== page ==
Money flowing into a Democratic primary is split around abortion rights

Washington (CNN)Democrat Conor Lamb won an upset in Pennsylvania by taking a page out of the moderate "Blue Dog" playbook, but one of that Democratic faction's leaders is in a neck-and-neck primary over his moderate-to-right-leaning views.

The primary battle has pitted fundraising machines on both sides of the Democratic divide in pouring millions of dollars into Tuesday's Democratic primary in Illinois' 3rd Congressional District, which covers parts of Chicago and its suburbs.
Incumbent Rep. Dan Lipinski is a co-chair of the Blue Dogs, a group of centrist (and at times right-leaning) Democratic lawmakers who've been trying to get the party to embrace more moderate stances as the best strategy to combat President Donald Trump and win back control of the House in November.
Lipinski, who has represented the district since 2005, opposes abortion rights, didn't initially support Obamacare and is no fan of Planned Parenthood. The National Right to Life Committee even gave Lipinski a 75 percent rating -- tied for the highest score given to any current Democrat.
    But the more liberal wing of the Democratic Party is pushing back hard against the notion that moderating the message is the path to victory this fall.
    Instead, progressives want Democrats to stake out stronger left-leaning positions of the kind championed by Sens. Bernie Sanders of Vermont and Elizabeth Warren of Massachusetts. And they see the Illinois 3rd as the chance to both advance their argument and replace one of the bluest of Blue Dogs with one of their own -- progressive activist Marie Newman. Indeed, Sanders himself endorsed Newman, as did Sen. Kirsten Gillibrand of New York. (Nancy Pelosi of California, the top Democrat in the House, endorsed Lipinski.)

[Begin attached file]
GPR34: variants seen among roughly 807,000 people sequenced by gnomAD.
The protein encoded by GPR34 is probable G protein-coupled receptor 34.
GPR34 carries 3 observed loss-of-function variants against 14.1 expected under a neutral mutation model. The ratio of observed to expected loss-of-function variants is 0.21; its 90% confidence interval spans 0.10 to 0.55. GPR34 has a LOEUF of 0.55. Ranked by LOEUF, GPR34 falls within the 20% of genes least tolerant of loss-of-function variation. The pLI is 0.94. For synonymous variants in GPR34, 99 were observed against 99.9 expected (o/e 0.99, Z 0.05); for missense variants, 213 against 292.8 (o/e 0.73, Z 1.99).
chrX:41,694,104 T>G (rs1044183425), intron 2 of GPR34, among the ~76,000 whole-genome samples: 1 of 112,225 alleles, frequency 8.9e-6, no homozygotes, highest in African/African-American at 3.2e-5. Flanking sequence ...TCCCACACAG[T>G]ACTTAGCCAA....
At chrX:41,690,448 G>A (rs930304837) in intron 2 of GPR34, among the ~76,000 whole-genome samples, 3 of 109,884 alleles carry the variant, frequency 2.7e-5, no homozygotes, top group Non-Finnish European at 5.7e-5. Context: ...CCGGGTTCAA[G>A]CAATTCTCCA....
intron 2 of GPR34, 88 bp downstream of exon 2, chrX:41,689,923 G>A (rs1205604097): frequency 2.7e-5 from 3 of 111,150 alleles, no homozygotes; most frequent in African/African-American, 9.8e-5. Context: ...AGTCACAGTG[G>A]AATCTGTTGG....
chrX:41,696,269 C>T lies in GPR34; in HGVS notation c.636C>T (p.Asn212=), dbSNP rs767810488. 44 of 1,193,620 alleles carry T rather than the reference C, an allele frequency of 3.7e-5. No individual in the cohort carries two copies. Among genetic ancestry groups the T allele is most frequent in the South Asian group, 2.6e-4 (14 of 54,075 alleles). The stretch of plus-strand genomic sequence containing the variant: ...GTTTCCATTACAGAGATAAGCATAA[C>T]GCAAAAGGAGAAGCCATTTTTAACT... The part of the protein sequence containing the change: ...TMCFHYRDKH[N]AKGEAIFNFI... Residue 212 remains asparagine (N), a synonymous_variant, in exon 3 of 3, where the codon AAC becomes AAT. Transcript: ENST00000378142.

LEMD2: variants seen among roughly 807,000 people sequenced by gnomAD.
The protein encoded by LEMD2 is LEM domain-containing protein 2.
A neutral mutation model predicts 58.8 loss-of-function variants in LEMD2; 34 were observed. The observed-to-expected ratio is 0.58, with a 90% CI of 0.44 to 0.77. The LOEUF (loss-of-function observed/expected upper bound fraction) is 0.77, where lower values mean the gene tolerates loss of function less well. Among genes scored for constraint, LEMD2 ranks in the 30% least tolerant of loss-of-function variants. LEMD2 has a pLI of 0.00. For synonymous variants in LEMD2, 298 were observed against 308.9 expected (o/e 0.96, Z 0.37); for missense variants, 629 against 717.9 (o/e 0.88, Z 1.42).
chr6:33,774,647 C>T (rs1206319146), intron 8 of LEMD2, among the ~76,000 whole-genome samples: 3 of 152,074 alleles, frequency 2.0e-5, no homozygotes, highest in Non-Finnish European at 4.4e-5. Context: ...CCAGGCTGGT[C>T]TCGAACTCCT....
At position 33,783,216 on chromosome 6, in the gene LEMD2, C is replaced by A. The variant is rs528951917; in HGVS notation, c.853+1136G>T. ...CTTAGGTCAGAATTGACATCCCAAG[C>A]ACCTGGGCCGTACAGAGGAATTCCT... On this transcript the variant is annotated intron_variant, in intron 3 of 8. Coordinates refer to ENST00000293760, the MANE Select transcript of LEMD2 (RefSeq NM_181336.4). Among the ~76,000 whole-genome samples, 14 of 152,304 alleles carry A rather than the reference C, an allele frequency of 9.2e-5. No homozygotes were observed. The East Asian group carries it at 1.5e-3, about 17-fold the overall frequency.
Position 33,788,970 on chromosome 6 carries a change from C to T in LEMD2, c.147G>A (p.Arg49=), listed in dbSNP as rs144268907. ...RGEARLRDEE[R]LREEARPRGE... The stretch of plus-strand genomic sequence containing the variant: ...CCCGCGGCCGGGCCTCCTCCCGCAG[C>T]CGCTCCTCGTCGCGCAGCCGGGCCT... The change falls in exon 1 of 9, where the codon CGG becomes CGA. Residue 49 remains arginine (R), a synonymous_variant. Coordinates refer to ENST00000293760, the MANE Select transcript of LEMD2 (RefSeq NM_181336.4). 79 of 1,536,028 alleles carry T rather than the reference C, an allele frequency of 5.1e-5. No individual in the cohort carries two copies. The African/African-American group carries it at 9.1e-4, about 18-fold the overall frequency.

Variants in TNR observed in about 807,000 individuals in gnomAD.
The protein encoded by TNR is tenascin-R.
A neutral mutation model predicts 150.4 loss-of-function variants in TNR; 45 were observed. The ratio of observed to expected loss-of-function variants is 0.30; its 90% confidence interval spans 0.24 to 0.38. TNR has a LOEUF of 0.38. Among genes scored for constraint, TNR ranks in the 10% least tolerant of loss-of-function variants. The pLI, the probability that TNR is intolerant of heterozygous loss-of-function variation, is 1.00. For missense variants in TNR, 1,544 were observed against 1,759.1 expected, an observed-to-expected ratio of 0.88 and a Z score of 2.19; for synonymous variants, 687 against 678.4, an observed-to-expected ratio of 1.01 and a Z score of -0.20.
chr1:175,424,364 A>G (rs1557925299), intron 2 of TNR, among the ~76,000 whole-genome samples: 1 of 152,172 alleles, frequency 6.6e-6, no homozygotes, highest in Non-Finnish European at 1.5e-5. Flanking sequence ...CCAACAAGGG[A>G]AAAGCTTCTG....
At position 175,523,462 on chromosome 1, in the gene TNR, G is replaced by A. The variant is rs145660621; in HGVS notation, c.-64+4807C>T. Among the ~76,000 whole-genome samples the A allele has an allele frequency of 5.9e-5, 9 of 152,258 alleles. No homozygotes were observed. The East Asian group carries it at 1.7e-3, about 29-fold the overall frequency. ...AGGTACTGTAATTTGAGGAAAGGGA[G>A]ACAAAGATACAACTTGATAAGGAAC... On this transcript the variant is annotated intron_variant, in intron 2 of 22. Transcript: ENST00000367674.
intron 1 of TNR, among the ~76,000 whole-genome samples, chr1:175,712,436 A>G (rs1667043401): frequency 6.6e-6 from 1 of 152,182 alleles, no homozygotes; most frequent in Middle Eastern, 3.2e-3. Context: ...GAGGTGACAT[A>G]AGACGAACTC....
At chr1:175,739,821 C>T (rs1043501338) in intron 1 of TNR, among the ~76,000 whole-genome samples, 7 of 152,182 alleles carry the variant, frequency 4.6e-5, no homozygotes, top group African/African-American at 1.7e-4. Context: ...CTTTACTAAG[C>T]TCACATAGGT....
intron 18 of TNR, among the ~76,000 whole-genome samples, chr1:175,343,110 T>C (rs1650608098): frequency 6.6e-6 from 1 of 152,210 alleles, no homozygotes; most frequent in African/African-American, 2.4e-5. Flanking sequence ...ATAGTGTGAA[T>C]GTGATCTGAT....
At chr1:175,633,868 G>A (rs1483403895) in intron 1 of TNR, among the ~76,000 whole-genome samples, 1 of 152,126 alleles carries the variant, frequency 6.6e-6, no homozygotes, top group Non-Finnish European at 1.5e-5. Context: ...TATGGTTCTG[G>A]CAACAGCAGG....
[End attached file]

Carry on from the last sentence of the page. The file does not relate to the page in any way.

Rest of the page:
Lipinski and Newman each raised about $1 million just through their own formal campaign channels, according to Federal Election Commission records.
    And outside groups more than doubled the amount in play for the race -- as super PACs and other interest groups have flooded the zone. More than $1.4 million in outside spending has come in to help Newman, while more than $1.1 million has been spent to aid Lipinski.
    Lipinski, with his staunch stance against abortion, in particular, has become the target for seemingly every group in the game that supports abortion rights. Planned Parenthood Action Fund, EMILY's List, NARAL Pro-Choice America and other groups have spent into the six figures combined to oppose Lipinski or support Newman. (Lipinski is more conservative on abortion than Lamb, the triumphant moderate Democrat in Pennsylvania, who has said that while he personally opposes abortion, he supports keeping it legal.)
    Planned Parenthood's group alone has spent more than $150,000 on everything from polling services to direct mail to advertising in order to help Newman and oppose Lipinski, the FEC data shows.
    On the flip side, groups like Susan B. Anthony List, which opposes abortion rights, have rallied to Lipinski's cause. Nearly $120,000 from Susan B. Anthony List has been spent on not just ads and mailers but also money to fly canvassers to the district, put them up at hotels and transport them in vans to various neighborhoods.
    The even bigger money, though, has flowed through the super PACs, which can be formed to raise money and support individual candidates, although not in direct coordination with a campaign.
    Citizens for a Better Illinois, which favors Newman, has spent more than $1.1 million against Lipinski, blanketing the district with television and digital ad buys. That includes more than half a million last week alone on such anti-Lipinski advertising.
    The super PAC favoring Lipinski, United for Progress, has spent nearly $1 million as well -- on advertising, direct mail and get-out-the-vote efforts. That includes a $125,000 media buy that hit the district over this past weekend.